Unpublished Disposition, 928 F.2d 409 (9th Cir. 1990)Annotate this Case
UNITED STATES of America, Plaintiff-Appellee,v.Wayne Lewis TOBIN, Defendant-Appellant.
United States Court of Appeals, Ninth Circuit.
Submitted Nov. 27, 1990.* Decided March 14, 1991.
Appeal from the United States District Court for the Northern District of California, No. CR-89-0640-WHO; William H. Orrick, Jr., District Judge, Presiding.
Before PREGERSON, FERGUSON and TROTT, Circuit Judges.
Defendant-appellant Wayne Lewis Tobin appeals his sentence for armed robbery under 18 U.S.C. § 2113(a), (d) on the grounds it violates the ex post facto clause of the United States Constitution. He contends that the district court erred in finding that a toy gun was a dangerous weapon, for purposes of sentence enhancement under the Sentencing Guidelines, for offenses committed prior to November 1, 1989.
We affirm the district court's sentence.
STANDARD OF REVIEW
This court reviews de novo the district court's construction and interpretation of the Guidelines. United States v. Carvajal, 905 F.2d 1292, 1295 (9th Cir. 1990).
Tobin pled guilty to two counts of armed robbery committed in October of 1989. On April 11, 1990, the district court sentenced Tobin to 63 months of imprisonment based on a three-level enhancement of his offense level for use of a dangerous weapon. U.S.S.G. Sec. 2B3.1(b) (2) (C). Tobin contends that the district court was wrong to enhance his sentence because he used a toy gun during the robbery and, at the time of his offenses, the Sentencing Guidelines' definition of a dangerous weapon specifically excluded toy guns.
At the time of Tobin's offenses, the Guidelines instructed the courts to enhance a robbery offense by three levels "if a firearm, or other dangerous weapon was brandished, displayed, or possessed...." U.S.S.G. Sec. 2B3.1(b) (2) (C). The Guidelines Commentary defined "dangerous weapon" as "an instrument capable of inflicting death or serious bodily injury." U.S.S.G. Sec. 1B1.1, Application Note 1(d) (1989). On November 1, 1989, the Sentencing Commission amended its "dangerous weapon" definition by adding the following sentence, "Where an object that appeared to be a dangerous weapon was brandished, displayed, or possessed, treat the object as a dangerous weapon." U.S.S.G. Sec. 1B1.1, Application Note 1(d) (1991).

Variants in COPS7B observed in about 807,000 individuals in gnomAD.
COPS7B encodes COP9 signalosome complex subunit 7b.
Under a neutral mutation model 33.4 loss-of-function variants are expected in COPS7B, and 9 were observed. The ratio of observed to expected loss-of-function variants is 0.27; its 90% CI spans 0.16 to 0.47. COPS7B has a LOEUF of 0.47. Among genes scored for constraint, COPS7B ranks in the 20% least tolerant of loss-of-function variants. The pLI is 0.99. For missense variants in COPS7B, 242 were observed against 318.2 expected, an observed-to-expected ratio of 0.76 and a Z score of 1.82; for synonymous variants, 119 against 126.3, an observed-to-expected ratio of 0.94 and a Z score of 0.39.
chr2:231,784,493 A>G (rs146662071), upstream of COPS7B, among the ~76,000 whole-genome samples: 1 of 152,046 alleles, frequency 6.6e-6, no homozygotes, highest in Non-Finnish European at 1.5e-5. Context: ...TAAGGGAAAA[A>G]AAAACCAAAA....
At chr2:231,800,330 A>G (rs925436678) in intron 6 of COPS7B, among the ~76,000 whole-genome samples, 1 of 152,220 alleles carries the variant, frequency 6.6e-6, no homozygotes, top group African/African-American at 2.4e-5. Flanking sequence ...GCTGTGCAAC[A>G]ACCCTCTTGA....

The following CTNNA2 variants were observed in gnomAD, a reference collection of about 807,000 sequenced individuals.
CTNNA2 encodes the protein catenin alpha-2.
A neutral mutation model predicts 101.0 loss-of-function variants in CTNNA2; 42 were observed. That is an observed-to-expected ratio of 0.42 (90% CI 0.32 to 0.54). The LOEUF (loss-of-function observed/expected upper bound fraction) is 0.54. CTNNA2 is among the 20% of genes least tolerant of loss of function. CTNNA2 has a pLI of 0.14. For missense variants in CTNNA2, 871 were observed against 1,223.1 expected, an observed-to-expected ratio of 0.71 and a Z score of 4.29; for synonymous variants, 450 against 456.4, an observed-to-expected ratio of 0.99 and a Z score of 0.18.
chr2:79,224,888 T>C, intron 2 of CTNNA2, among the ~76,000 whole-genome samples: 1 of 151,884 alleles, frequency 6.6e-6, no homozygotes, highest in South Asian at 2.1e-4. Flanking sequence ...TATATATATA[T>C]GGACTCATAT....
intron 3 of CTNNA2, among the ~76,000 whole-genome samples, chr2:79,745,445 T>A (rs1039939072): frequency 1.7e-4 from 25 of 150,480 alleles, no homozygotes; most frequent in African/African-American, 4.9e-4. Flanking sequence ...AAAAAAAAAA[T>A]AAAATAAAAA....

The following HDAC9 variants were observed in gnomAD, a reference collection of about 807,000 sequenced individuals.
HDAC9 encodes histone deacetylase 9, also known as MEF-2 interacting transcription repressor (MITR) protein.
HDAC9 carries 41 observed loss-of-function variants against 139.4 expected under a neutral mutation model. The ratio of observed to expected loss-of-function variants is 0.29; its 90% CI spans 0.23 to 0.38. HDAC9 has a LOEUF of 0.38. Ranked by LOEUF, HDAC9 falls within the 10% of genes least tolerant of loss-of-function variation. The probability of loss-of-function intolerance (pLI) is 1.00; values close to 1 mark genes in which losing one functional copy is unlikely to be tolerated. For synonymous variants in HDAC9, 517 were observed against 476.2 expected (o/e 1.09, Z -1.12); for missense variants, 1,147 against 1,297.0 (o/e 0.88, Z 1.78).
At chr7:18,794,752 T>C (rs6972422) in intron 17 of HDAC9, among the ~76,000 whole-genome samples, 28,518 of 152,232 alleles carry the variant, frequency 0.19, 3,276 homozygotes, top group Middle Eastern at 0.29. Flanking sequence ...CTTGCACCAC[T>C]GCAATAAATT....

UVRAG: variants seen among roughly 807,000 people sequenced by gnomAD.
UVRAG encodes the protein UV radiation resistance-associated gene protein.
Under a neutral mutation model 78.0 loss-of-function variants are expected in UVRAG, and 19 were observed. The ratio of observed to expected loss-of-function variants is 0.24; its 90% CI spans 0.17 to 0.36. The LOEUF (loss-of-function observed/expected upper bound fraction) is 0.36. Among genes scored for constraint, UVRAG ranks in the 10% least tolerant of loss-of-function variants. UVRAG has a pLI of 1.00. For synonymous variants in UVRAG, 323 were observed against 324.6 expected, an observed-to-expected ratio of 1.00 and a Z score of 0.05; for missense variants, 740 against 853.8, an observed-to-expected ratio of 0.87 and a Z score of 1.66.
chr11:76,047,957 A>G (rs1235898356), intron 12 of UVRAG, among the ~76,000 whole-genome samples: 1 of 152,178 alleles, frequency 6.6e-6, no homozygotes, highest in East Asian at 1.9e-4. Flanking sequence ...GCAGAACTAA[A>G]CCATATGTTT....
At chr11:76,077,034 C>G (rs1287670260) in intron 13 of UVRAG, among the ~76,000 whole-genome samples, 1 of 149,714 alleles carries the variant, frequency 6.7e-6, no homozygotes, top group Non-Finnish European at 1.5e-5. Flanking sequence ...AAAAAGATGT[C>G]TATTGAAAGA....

The Sentencing Commission's comments accompanying the amendment explain that the change was simply to clarify the previous Application Note. U.S.S.G.App.C, p 71. However, Tobin contends that the amendment made a substantive change in the law and, therefore, may not be applied to his offense without violating the Constitution's ex post facto clause. U.S. Const., art. I, Sec. 9, cl. 3. To support his position, Tobin relies on Questions Most Frequently Asked About the Sentencing Guidelines, a nonbinding publication of the United States Sentencing Commission. Prior to the 1989 amendments, this publication stated that toy guns were not within the Guidelines' definition of dangerous weapons. Questions Most Frequently Asked About the Sentencing Guidelines, Vols. I & II (Nov. 30, 1988).
Tobin's assertion fails, however, because this court had previously interpreted "dangerous weapon," for purposes of the Guidelines, to include toy guns. In United States v. Smith, 905 F.2d 1296 (9th Cir. 1990), we held that a "dangerous weapon" for purposes of the Guidelines could be anything which may create fear or incite violence. Id. at 1300. In a footnote, the Smith court rejected language in the Questions Most Frequently Asked publication that stated a toy gun was not a dangerous weapons under the Guidelines. Id. at n. 3. We concluded that such a rule would run counter to this court's case law. Id. See, also, United States v. Boyd, No. 90-30110, slip op. (9th Cir. Jan. 31, 1990) (road flare is a dangerous weapon for purposes of the Guidelines sentence for a 1988 armed bank robbery). Therefore, no substantive change in the law of the Ninth Circuit was made as a result of the November 1, 1989 amendment.
Because we hold that a toy gun is a dangerous weapon, it is irrelevant whether the gun used by Tobin was real or not. Two eyewitnesses (bank tellers) testified that they observed what appeared to be a gun brandished by the defendant. The district court properly applied the Sentencing Guidelines to calculate the defendant's sentence. The sentence is AFFIRMED.